Stephen F. Austin State University

Van Hook House

303 S. Washington, Marshall

Current Owner 2013: Smith Gillam LLP

Sanborn Maps:

TX Historical Marker

The Van Hook House became a TX Historical Marker in 1999.

Architectural Survey

Architectural Survey

• Description: The Van Hook home is a two-story, frame, Folk Victorian structure, with a double balcony porch decorated with falt jigsaw trim and spindlework railing. The front façade contains a single primary door entrance with a transom and headlights.

• Significance: Was built by Nathan S. Allen, an architect who designed many homes and business in Shreveport, Louisiana.

Historical Background

Major Nathan S. Allen of the Confederate Army drew plans and built this house for his daughter, Mrs. Albert Van Hook in 1880. Allen and his family were visiting his sister from Maryland when the Civil War broke out and trapped them in East Texas according to family files found in the Van Hook file in the Harrison County Archives. In 1870 he and his family moved to Shreveport, where he designed many prominent buildings and expansive late-Victorian houses until his death in 1922. Kate Allen, one of seven children, was born in 1855. Her husband, Albert Van Hook, who was two years older, was a merchant at the time of their marriage working with his father in a hardware store and sheet metal shop on the square. When Albert died in 1918, Kate continued to live in the home until her death in 1951, at which time the house was left to their two daughters, Katie Van Hook Carroll and Ethel Van Hook Blocker. (Harrison County Deed Records, Vol. 44, P. 356 filed, December 12, 1951.)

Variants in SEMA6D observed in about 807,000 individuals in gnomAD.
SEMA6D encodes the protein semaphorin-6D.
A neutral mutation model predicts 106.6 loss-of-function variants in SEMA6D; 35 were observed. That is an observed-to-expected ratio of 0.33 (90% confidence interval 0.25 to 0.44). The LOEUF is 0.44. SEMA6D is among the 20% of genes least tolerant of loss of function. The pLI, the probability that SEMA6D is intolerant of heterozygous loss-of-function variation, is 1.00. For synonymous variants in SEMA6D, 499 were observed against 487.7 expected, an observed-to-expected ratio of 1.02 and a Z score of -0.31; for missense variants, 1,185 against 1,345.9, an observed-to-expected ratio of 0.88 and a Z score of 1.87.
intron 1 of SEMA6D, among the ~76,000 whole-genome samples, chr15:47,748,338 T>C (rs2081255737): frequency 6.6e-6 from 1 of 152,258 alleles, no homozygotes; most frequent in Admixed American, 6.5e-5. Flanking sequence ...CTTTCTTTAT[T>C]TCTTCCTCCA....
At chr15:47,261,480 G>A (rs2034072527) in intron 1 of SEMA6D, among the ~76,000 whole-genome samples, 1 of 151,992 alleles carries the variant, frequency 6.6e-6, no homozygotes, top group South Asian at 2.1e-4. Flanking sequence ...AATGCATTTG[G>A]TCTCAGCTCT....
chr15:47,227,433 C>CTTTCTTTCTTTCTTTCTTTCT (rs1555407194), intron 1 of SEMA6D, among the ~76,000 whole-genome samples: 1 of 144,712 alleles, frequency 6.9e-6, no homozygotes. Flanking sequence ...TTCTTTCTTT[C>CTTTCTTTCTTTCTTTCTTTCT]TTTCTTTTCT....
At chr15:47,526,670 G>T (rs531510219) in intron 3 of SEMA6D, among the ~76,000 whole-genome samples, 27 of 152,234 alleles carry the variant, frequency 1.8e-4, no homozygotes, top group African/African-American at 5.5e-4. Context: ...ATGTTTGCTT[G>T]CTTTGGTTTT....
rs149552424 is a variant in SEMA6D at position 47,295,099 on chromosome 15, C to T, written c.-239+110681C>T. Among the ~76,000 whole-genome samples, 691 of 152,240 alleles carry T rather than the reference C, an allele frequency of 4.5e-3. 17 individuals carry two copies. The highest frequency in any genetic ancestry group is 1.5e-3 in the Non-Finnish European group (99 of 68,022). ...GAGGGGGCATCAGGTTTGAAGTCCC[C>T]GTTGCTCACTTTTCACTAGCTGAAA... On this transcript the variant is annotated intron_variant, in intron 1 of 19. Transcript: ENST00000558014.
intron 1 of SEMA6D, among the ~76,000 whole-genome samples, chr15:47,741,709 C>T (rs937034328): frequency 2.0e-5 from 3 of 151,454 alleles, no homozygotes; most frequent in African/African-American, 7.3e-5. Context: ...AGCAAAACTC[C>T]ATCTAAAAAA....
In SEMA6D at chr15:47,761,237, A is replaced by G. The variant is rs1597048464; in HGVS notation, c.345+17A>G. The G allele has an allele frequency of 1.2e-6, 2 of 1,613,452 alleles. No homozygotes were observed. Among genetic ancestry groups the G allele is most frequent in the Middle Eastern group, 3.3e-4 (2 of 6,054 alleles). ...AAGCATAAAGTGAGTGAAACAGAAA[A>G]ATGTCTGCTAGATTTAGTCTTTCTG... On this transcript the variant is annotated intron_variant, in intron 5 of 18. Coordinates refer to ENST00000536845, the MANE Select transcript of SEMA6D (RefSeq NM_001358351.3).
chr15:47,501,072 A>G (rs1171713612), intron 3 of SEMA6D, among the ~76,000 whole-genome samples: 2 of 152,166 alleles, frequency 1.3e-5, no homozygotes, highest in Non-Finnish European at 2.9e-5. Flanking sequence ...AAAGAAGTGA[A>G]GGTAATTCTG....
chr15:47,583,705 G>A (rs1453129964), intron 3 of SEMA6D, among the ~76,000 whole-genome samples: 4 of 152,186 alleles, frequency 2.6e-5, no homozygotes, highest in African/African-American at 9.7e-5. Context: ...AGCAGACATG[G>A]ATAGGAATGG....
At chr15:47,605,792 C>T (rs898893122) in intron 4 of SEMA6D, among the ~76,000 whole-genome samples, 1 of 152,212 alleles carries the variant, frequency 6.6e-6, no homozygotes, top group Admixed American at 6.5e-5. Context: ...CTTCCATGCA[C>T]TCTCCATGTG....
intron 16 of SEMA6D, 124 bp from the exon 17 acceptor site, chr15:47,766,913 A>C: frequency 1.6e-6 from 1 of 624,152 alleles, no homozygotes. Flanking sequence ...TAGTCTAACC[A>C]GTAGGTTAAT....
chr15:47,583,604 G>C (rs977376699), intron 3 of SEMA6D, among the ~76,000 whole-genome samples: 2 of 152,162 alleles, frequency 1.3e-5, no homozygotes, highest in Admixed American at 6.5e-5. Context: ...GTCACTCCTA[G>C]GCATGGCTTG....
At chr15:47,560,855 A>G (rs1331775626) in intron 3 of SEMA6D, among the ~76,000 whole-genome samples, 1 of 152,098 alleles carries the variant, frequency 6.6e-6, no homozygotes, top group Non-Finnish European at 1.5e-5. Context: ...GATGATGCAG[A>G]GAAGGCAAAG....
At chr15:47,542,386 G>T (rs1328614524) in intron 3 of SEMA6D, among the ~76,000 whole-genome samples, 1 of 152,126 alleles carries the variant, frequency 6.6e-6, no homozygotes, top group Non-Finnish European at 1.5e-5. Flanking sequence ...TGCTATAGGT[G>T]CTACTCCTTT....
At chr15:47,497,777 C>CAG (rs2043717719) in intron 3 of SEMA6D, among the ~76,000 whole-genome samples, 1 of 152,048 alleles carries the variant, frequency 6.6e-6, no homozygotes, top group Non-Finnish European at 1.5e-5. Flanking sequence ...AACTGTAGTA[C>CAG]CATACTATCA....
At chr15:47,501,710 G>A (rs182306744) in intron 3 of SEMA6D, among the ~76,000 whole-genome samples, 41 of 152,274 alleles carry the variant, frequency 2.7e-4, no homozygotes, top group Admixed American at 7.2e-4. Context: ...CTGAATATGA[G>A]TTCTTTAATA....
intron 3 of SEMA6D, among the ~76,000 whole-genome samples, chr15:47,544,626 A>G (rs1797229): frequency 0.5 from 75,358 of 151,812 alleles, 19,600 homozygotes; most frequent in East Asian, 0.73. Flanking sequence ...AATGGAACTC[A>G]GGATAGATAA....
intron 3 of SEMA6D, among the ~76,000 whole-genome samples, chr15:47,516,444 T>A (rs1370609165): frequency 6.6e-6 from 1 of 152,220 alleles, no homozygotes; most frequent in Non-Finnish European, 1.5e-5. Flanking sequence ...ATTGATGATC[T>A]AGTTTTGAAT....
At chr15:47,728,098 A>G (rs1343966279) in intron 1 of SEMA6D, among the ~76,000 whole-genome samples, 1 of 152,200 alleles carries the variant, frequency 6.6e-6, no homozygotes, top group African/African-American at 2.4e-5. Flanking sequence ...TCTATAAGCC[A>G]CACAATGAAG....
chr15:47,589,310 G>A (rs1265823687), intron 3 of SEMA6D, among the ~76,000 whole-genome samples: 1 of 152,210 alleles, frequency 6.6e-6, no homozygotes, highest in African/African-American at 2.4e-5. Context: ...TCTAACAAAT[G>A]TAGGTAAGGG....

In 1952, Ethel Van Hook sold the home Lonnie and Evelyn Sibley. (Harrison County Deed Records, Vol. 433, Pg. 492, filed May 13, 1954.) Ten years later the house was sold once again to Ralph G. and Gail Beil, who later purchased the Weisman Home. (Harrison County Deed Records, Vol. 1377, Pg. 130, filed December 16, 1994.) The Beils began restoring the house but it was Dr. James Prince and wife Denise who purchased the home in 1999 that were responsible for how the home looks today. (Harrison County Deed Records, Vol. 1912, Pg. 175, filed March 4, 1999.) The Princes extensively restored the Van Hook home in 2000. Dave Snow helped rebuild the house porch and restored the bay windows.

Originally the house had six mantled fireplaces but only one remains today. Old photographs were saved by the Van Hooks grandson, Douglass Blocker, which showed what the house originally looked like in 1880. Today the home resembles much of what it looked like in the 1880's thanks to the Prince family. In 2005 James and Denise sold the home to Yellow House Management, who now rents it out to the Gillam Smith Law Firm.

Van Hook Photos